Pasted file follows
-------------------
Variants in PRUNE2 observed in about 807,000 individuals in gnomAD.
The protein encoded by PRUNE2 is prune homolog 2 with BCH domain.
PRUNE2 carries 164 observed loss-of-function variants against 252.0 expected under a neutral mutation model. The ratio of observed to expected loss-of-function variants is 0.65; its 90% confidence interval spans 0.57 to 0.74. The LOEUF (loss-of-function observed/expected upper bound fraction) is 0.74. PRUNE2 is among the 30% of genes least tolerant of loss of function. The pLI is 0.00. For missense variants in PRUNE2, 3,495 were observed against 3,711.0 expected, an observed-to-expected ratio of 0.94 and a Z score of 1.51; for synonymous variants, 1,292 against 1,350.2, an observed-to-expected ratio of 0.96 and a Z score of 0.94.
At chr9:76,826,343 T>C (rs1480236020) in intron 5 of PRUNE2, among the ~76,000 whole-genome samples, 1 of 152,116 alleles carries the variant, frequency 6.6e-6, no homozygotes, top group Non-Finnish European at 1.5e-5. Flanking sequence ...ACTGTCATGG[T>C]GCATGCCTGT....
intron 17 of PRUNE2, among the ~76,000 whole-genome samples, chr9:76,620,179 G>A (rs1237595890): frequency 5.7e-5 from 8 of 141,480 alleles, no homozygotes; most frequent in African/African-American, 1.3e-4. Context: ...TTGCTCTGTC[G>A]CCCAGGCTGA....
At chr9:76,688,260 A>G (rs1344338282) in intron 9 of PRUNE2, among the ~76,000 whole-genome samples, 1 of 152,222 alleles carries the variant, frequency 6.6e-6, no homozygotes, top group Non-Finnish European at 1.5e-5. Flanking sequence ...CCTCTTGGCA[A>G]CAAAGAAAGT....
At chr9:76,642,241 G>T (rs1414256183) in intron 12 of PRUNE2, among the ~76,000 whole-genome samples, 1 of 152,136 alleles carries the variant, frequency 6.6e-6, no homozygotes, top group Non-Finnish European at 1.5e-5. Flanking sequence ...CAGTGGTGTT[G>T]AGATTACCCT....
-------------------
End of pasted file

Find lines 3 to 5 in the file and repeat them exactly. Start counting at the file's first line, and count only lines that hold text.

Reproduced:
PRUNE2 carries 164 observed loss-of-function variants against 252.0 expected under a neutral mutation model. The ratio of observed to expected loss-of-function variants is 0.65; its 90% confidence interval spans 0.57 to 0.74. The LOEUF (loss-of-function observed/expected upper bound fraction) is 0.74. PRUNE2 is among the 30% of genes least tolerant of loss of function. The pLI is 0.00. For missense variants in PRUNE2, 3,495 were observed against 3,711.0 expected, an observed-to-expected ratio of 0.94 and a Z score of 1.51; for synonymous variants, 1,292 against 1,350.2, an observed-to-expected ratio of 0.96 and a Z score of 0.94.
At chr9:76,826,343 T>C (rs1480236020) in intron 5 of PRUNE2, among the ~76,000 whole-genome samples, 1 of 152,116 alleles carries the variant, frequency 6.6e-6, no homozygotes, top group Non-Finnish European at 1.5e-5. Flanking sequence ...ACTGTCATGG[T>C]GCATGCCTGT....
intron 17 of PRUNE2, among the ~76,000 whole-genome samples, chr9:76,620,179 G>A (rs1237595890): frequency 5.7e-5 from 8 of 141,480 alleles, no homozygotes; most frequent in African/African-American, 1.3e-4. Context: ...TTGCTCTGTC[G>A]CCCAGGCTGA....